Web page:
Created by Christopher Lawrence GS '24

The command line or Terminal is a free, application that ships with Mac OS and and Linux operating systems distributions. It can be used to interact with your computer in a way totally different from pointing and clicking. In this tutorial, we are going to use the Terminal this application to: navigate throughout our computer's cyber space, play games, and get silly. As we go, we are going to learn about some of the etymology behind the commands we give, and learn how the actions we make through the GUI (Graphical User Interface) pointing and clicking translate to single sentence commands.

Commands and Interactions

Throughout this tutorial when you see a command appear, type or copy and paste the words into your terminal. It feels like cheating but its a good way to start.


[It feels like cheating but its a good way to start]

Opening the Terminal

To get started, find the Terminal application on your machine. The icon should look something like this.


For MacOS users, open finder or applications and type "Terminal" into the search bar, and hit enter


If you are on a Linux machine, click the show applications app (shown below) and search terminal. Once you have found the application, click to open it.


If you are on a Linux machine, click the show applications app (shown below) and search terminal. Alternatively, you can use Ctrl + Alt + T to open the terminal directly. Once you have found the application, click to open it.


You should now be met with something similar to this. Make sure not to stare too deeply into the void, for the void stares back.The words we type into the terminal have power, they are commands that we (the user) are giving the computer. And in fact, not only does it stare, it also speaks. Lets learn our first command.

echo and pwd


Type the following command into the terminal and hit enter.

echo Whatisyourcommand

*Gasp* the computer is listening, it repeats the words or phrase we give it, thus echoing our commands. The line that appears after we run the command, is the output.


The computer also knows where we metaphorically live, in our computer cyberspace

echo $HOME

The output should be something similar to this


This command is telling us where our "Home" directory is

The $HOME directory belongs to you, the user. It functions to separate your data from the system-wide data, to avoid file redundancy, and to make the preservation and backups of important files relatively simple.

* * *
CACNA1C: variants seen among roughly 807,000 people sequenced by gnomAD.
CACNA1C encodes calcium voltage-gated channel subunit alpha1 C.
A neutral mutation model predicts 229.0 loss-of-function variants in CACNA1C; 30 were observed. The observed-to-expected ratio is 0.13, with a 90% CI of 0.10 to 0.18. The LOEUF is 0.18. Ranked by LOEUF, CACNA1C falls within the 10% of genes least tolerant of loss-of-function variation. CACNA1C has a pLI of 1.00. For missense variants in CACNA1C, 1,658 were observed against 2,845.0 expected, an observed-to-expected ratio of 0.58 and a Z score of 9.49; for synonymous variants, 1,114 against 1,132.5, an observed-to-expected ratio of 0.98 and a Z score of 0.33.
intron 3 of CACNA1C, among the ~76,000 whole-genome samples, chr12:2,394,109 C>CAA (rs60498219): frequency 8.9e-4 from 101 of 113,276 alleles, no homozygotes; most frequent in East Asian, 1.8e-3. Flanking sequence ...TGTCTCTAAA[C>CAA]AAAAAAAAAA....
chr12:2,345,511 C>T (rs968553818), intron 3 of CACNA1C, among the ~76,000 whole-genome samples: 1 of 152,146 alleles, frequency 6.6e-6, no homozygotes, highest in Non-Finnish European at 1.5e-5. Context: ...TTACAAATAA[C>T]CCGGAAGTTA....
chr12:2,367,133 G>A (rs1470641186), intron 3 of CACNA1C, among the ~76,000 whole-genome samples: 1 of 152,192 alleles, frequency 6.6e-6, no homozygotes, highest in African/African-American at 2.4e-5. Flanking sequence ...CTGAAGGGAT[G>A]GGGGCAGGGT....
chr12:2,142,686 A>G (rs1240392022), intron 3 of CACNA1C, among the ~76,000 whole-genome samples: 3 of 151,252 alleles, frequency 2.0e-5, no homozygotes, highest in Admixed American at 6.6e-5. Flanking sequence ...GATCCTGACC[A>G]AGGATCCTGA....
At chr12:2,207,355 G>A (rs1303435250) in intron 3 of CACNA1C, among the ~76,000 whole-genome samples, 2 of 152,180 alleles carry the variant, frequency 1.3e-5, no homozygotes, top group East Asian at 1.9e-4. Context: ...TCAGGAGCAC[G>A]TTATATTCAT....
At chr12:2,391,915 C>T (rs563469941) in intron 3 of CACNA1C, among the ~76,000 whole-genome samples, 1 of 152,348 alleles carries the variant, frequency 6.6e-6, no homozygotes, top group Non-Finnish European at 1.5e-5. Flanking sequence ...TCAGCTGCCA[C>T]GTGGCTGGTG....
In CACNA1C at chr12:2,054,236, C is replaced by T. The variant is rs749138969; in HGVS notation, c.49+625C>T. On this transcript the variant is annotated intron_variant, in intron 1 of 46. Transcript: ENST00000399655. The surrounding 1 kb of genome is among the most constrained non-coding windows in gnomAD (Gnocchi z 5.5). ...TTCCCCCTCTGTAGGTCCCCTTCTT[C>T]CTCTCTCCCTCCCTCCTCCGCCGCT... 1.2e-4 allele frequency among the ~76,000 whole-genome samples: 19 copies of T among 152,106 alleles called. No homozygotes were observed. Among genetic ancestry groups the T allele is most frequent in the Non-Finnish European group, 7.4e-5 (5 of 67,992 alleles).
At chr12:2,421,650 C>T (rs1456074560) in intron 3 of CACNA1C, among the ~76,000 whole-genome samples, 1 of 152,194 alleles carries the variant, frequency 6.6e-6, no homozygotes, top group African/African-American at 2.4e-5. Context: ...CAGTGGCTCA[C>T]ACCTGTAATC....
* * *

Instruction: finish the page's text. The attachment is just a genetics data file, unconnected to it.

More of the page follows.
We can easily have our computer repeat our current location back to us by using pwd seen above

This should return the same output. (See above) pwd stands for print working directory or in plain speak, show me where I am within my computers cyber space. When we create files, or write scripts in the terminal, the files will be output to this directory.

But what all is within this directory?



To find out what is within our directory we can use


ls stands for list and can be used to list the files (white pdf's that I need to read) which we can interact with, and folders (blue) to whom we can travel.

To create some files within our directory we can use the Touch command.



Touch is a standard command used in UNIX/Linux operating system which is used to create a file or multiple files.

touch filea.txt

We have brought a file into this world! (evil laughter). If we run ls, we should see our new creation, highlighted above.

We can even create multiple files at once.

Try this command on your own. Remember to ls, afterwards to view the file locations.

touch filea.txt fileb.txt filec.txt

Touch is very good and effective at its job which is why many linux/unix contributors use it in their scripts to create empty files to which they pass values. Touch is a good catchall and proof of concept command.



If at anytime you are uncomfortable running a command or have forgotten what exactly it does you can get help by typing man and then the command. In Linux the "man" command is used to display the user manual of any command that we can run on the terminal. It provides a detailed view of the command which includes optional flags (-n/-h/-e etc) that we can use to achieve our desired output. Lets try it out.

man ls

man echo

The above command opens a window within our terminal window and displays a host of information about the ls and echo commands. To escape from this window we simply type q when finished.

This completes part 1.

In the next tutorial we will learn how to read, write, and tell the difference between two files! See you there.